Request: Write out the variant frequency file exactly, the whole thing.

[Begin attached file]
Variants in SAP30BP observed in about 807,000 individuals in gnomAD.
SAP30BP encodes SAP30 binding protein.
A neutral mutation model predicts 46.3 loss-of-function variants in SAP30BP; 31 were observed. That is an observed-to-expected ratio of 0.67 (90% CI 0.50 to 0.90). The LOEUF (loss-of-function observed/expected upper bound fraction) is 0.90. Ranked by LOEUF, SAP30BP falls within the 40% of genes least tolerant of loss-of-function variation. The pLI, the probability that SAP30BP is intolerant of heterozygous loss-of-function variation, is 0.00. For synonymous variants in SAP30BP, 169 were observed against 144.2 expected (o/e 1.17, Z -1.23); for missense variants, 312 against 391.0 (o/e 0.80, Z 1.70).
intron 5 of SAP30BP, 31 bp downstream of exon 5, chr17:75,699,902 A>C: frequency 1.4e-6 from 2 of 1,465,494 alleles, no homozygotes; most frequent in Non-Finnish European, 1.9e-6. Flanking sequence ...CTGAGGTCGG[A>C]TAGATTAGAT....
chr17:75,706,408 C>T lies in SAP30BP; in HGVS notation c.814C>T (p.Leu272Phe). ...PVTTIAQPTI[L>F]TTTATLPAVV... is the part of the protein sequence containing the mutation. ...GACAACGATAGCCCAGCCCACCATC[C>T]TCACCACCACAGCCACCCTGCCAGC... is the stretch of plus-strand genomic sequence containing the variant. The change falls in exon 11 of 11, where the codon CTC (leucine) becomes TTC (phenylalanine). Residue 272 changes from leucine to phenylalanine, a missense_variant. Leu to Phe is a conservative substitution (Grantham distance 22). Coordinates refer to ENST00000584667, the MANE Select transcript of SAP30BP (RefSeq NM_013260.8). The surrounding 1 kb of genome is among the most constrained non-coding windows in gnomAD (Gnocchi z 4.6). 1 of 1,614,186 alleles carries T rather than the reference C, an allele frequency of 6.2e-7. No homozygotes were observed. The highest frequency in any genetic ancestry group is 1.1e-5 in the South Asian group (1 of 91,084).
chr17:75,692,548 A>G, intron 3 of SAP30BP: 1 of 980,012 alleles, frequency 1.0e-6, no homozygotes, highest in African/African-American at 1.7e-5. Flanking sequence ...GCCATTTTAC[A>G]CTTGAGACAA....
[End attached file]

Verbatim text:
Variants in SAP30BP observed in about 807,000 individuals in gnomAD.
SAP30BP encodes SAP30 binding protein.
A neutral mutation model predicts 46.3 loss-of-function variants in SAP30BP; 31 were observed. That is an observed-to-expected ratio of 0.67 (90% CI 0.50 to 0.90). The LOEUF (loss-of-function observed/expected upper bound fraction) is 0.90. Ranked by LOEUF, SAP30BP falls within the 40% of genes least tolerant of loss-of-function variation. The pLI, the probability that SAP30BP is intolerant of heterozygous loss-of-function variation, is 0.00. For synonymous variants in SAP30BP, 169 were observed against 144.2 expected (o/e 1.17, Z -1.23); for missense variants, 312 against 391.0 (o/e 0.80, Z 1.70).
intron 5 of SAP30BP, 31 bp downstream of exon 5, chr17:75,699,902 A>C: frequency 1.4e-6 from 2 of 1,465,494 alleles, no homozygotes; most frequent in Non-Finnish European, 1.9e-6. Flanking sequence ...CTGAGGTCGG[A>C]TAGATTAGAT....
chr17:75,706,408 C>T lies in SAP30BP; in HGVS notation c.814C>T (p.Leu272Phe). ...PVTTIAQPTI[L>F]TTTATLPAVV... is the part of the protein sequence containing the mutation. ...GACAACGATAGCCCAGCCCACCATC[C>T]TCACCACCACAGCCACCCTGCCAGC... is the stretch of plus-strand genomic sequence containing the variant. The change falls in exon 11 of 11, where the codon CTC (leucine) becomes TTC (phenylalanine). Residue 272 changes from leucine to phenylalanine, a missense_variant. Leu to Phe is a conservative substitution (Grantham distance 22). Coordinates refer to ENST00000584667, the MANE Select transcript of SAP30BP (RefSeq NM_013260.8). The surrounding 1 kb of genome is among the most constrained non-coding windows in gnomAD (Gnocchi z 4.6). 1 of 1,614,186 alleles carries T rather than the reference C, an allele frequency of 6.2e-7. No homozygotes were observed. The highest frequency in any genetic ancestry group is 1.1e-5 in the South Asian group (1 of 91,084).
chr17:75,692,548 A>G, intron 3 of SAP30BP: 1 of 980,012 alleles, frequency 1.0e-6, no homozygotes, highest in African/African-American at 1.7e-5. Flanking sequence ...GCCATTTTAC[A>G]CTTGAGACAA....